Liadan and Rory looked back at us standing there. It had comforted them to see our calm exteriors illuminated in the doorway and they stared for as long as the forest would let them. We didn’t move or speak or bow our heads. We were used to the storm, to that life in the shadow of the mountain. I supposed that Devin heard the sound as we did, that she steeled herself against it much as we were doing. She was strong for her age and not once did she turn around, I admired her grit. Someday she was going to need it, we all would.
We watched the car as it slowly snaked the road, sometimes visible, sometimes only the lights through the forest. We barely drew breath until we knew not only that they’d made it down but that they’d crossed the bridge at town and were away from us. For how long we wondered? Not forever we knew, but our hearts were still broken. It was a strange thing to wish them away when we needed them with us so badly.
After they were gone it was a hard time for us and for Honor especially but life soon went on as before. We were strong enough, two sets of two sisters, my twin Honor and I our aunts, Ellen and Mae, but it was a terrible thing to lose the girls and especially painful to lose Devin, for you must understand, this was not the first time we had watched her go.
When she was barely one year old, we had stood as we were standing now watching her and her mother, our sister Caer leave. We’d failed them then and now, by choice, we were sending her and her sisters away. In the great quest it seemed we were losing again.
Making my way to the gate I thought how quickly the years had come in. In many ways it seemed only yesterday Honor, Caer and I had been the young sisters. Sometimes I’d forget that Caer had been gone from the mountain for 26 years, had been dead 18 years and that Honor and I were ‘the aunts’ now, not the old aunts but at this rate it wouldn’t be long, while Caer, the mother of these girls would be forever young, the beautiful and powerful one among us.
Twenty six years since Caer had left with baby Devin. The first Mc Cleary woman in living memory to leave for good, maybe the last. We knew we’d never see our sister again, but we understood that after all she had to go. We, Honor and I stayed at our mountain home, minding the farm and the people, as the women of our family have done through all of history.
We are the healers, Bean Feasa (wise women), or witches, depending on who you’re talking to. People travel from across the country, sometimes from out in the world for our help. Charms, cures, curses, though we don’t deal in curses any more, that’s in the past.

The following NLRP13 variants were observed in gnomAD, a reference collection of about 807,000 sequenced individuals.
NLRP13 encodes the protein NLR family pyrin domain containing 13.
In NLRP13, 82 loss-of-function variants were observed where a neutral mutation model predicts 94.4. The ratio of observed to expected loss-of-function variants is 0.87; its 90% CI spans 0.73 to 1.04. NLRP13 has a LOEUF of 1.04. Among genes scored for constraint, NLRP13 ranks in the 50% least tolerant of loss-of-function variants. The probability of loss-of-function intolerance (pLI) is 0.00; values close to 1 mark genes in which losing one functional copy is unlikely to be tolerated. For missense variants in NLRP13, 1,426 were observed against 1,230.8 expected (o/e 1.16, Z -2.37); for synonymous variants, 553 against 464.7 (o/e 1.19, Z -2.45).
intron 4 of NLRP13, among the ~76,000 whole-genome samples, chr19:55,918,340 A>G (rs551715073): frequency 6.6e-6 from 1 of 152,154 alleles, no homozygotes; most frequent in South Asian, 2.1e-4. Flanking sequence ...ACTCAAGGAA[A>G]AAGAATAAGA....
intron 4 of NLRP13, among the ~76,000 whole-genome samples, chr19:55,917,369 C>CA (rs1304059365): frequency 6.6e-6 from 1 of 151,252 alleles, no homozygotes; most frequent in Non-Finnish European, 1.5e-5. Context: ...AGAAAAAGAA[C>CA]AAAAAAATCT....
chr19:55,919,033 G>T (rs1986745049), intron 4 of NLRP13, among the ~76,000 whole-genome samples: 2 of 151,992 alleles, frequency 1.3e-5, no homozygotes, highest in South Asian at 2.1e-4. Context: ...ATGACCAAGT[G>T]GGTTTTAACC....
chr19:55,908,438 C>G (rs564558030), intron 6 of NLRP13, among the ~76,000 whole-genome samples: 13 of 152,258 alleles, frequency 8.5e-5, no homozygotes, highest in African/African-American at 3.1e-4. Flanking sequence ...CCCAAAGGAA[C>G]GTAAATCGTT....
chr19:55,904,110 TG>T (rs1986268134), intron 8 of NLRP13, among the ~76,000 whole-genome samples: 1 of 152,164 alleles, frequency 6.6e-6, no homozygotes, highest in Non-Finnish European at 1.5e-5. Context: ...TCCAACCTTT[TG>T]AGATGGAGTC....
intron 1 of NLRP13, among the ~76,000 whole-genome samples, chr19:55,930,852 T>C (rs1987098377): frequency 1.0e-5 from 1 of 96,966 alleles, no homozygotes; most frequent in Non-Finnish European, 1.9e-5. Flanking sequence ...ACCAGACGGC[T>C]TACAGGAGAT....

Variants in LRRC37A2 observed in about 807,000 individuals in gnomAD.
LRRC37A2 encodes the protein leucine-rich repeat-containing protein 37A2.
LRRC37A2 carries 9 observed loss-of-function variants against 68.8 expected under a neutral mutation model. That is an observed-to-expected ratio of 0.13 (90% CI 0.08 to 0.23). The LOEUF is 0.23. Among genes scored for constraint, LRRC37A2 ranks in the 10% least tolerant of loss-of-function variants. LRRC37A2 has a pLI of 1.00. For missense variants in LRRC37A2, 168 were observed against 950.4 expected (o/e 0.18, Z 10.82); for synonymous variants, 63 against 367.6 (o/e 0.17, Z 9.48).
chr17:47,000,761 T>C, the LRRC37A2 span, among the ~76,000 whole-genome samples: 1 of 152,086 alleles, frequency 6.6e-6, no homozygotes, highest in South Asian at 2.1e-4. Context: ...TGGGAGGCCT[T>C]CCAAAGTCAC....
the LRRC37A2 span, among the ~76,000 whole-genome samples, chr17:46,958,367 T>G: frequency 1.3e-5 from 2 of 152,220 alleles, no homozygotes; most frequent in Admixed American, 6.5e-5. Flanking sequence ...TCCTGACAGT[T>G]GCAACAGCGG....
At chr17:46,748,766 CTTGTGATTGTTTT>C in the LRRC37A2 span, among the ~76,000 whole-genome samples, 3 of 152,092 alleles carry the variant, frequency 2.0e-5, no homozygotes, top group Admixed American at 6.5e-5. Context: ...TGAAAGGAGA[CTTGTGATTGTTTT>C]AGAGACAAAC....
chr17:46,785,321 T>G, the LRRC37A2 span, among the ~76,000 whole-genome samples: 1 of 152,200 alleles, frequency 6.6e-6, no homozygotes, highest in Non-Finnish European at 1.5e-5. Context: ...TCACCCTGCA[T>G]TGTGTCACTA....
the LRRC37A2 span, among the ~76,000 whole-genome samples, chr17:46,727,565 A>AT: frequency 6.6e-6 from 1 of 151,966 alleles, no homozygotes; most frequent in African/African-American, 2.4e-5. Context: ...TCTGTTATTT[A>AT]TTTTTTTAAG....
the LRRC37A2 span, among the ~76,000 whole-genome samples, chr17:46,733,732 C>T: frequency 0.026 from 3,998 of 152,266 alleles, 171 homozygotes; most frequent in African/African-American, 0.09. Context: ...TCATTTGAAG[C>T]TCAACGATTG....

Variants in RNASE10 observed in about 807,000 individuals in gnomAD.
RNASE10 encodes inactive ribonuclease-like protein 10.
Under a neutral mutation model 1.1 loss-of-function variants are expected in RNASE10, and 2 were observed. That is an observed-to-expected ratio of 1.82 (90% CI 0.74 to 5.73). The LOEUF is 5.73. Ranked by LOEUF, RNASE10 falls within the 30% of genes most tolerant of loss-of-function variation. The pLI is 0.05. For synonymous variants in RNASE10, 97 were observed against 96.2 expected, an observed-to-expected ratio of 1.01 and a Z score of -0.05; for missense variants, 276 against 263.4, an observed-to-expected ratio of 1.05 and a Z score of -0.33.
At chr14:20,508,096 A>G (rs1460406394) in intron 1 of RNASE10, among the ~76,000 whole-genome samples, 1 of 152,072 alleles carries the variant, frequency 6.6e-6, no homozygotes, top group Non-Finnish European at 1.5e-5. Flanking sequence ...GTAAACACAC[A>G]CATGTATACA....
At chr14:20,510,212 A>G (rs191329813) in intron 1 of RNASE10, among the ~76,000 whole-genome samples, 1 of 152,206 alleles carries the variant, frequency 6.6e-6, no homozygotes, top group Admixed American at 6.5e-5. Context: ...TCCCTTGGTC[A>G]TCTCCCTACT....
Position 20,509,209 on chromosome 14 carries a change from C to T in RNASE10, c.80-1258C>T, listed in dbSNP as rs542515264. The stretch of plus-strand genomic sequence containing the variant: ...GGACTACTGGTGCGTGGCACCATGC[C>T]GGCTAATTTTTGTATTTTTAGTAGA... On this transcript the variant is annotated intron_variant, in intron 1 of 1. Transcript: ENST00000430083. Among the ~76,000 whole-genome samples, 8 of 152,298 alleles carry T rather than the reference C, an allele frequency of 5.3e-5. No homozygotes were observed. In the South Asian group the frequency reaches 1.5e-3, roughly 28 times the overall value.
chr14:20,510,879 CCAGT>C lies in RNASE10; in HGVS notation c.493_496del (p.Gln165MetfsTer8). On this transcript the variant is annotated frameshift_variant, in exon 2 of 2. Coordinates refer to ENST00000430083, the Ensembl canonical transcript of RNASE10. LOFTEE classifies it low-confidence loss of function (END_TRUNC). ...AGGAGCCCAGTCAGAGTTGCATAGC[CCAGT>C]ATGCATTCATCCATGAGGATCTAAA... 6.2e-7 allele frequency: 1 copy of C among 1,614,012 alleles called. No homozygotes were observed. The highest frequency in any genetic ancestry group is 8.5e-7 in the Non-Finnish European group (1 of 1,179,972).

Caer had left with a man who’d come from Cadiz out of interest for a book he was writing on healing traditions of Europe. His name was Marus. He had the openness and sensitivity of an artist, was one of those rare people you don’t meet very often, secure in himself, awakened. He was balm to her brokenness. He had seen in her eyes the destruction and pain, found that he loved her and wasn’t afraid. From the first moment he saw her he knew he’d never love again.
At the time Honor had said, ‘Caer has all the luck’. We were working in the garden, there’d been an overflow of crops that year and it took a lot of saving, our backs were sore, our baskets heaving.
‘You can’t be serious,’ I replied. I’d been horrified at the thought.
‘I’m only serious about the fact she gets two great loves then gets away from here.’
‘Three great loves, said I, ‘You forget Devin, only Devin makes it worthwhile, for all of us.’
‘I agree of course but I can’t help it, look at him, he’s beautiful, he’s crazy about her. I envy her escape, said Honor.
‘How can she do it though, how can she leave us?’ I’d hissed this at my sister.
‘It’s because she’s been through the fires, because she’s strong, still strong she said, noting my doubtful expression. ‘Stronger than we are, stronger even than our mother was, that’s how she can leave.’
‘Ok then, but what of the quest? What will become of us now?’
‘Everything will go on as before but her time on the quest is done, a Bean Feasa can’t practice with pain in her heart.’
‘And the child? Devin will come back one day?’ Honor nodded, ‘One day.’
’So there’s nothing we can do now only wait?’ My temper was rising, her coolness fanning the flames.
‘Oh I wouldn’t say nothing,’ said Honor, she had a flair for mystery, even when revealing things, but I wasn’t satisfied yet.
‘After everything we’ve done, you’re not forgetting are you?’
‘Forget…I wish I could forget,’ she said.
‘Maybe she can make it?’ I’d been half afraid to ask the question. Honor paused, considered our sister, out there with Marus and Devin.
‘My envy of escape and love are foolish, for strong or not there’ll be no escape for her. I’m a fool to think to ever want to trade my fate.’
‘Why? What do you see?’, ‘Nothing,’ Honor replied, turning away from me. The discussion was over.
Honor hadn’t seen a future for our sister though at the time she didn’t reveal it, and yet, for all of that, still she envied her.